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Pierre Paul Royer-Collard

Royer-Collard, Pierre Paul (pyĕr pōl rwäyāˈ-kô-lärˈ) [key], 1763–1845, French statesman and philosopher. After entering the law, he took part in the French Revolution and became a constitutional monarchist. During the Consulate he devoted himself entirely to philosophy, and from 1811 to 1814 he lectured at the Sorbonne. Becoming active in government after the Bourbon restoration, he sat in the chamber of deputies almost continuously from 1815 to 1839. From 1815 to 1820 he was president of the commission for public instruction. Royer-Collard was a leader of the Doctrinaires, a middle-of-the-road group that included François Guizot, Camille Jordan, Charles de Rémusat, and the duc de Broglie. In philosophy he opposed the sensationalism of Étienne Bunnot de Condillac and helped to introduce the ideas of Thomas Reid into France.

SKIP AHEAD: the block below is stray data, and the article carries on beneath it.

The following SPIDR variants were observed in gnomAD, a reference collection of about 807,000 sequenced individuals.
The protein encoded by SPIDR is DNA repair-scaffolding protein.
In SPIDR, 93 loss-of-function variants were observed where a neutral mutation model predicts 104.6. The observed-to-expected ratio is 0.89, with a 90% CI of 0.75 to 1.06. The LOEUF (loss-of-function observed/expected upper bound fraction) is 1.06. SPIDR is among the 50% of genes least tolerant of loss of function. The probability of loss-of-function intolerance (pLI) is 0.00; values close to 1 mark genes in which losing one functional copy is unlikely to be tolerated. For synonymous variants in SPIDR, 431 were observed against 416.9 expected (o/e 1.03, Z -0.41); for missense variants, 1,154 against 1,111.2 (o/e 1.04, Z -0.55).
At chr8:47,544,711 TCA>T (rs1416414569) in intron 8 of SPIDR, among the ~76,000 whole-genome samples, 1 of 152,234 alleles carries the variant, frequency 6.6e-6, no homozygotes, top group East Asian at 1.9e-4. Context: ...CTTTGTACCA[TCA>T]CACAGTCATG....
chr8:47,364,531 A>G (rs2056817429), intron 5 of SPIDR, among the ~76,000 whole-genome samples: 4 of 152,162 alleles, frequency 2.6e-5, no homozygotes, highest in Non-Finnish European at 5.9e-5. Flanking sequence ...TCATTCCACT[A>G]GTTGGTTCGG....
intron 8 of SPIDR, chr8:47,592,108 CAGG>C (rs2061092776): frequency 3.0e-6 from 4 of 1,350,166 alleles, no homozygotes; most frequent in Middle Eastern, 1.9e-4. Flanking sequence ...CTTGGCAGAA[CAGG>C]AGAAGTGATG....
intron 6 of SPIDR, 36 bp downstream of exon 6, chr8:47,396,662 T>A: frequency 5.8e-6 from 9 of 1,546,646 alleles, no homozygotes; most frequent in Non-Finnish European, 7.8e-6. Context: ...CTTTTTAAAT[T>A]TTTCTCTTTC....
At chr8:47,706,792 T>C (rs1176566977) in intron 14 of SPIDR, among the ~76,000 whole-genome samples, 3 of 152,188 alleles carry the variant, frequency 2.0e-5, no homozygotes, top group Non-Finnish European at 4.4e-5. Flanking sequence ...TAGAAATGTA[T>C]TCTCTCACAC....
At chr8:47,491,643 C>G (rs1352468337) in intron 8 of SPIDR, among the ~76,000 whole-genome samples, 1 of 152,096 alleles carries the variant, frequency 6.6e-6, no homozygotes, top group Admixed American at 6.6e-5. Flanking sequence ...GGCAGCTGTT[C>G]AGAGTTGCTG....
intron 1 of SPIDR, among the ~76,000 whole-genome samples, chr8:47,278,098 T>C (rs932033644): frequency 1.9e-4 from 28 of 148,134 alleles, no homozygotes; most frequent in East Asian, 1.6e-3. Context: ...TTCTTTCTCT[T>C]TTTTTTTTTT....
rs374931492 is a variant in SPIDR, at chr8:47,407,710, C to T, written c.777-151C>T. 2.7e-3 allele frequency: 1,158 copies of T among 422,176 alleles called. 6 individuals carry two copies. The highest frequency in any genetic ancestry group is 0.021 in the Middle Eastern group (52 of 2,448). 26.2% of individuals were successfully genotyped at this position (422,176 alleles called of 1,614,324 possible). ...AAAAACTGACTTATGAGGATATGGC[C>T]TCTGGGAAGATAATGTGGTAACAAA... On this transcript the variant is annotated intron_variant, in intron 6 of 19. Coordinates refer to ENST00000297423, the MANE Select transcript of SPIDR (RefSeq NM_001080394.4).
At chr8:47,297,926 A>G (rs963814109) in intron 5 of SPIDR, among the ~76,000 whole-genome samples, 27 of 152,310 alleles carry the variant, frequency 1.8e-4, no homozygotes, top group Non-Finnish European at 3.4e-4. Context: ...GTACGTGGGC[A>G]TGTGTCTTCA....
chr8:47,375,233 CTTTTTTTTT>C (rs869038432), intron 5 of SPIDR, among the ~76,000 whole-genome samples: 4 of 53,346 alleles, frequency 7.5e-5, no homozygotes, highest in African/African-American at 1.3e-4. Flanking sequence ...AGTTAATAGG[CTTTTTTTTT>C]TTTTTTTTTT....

The Columbia Electronic Encyclopedia, 6th ed. Copyright © 2012, Columbia University Press. All rights reserved.

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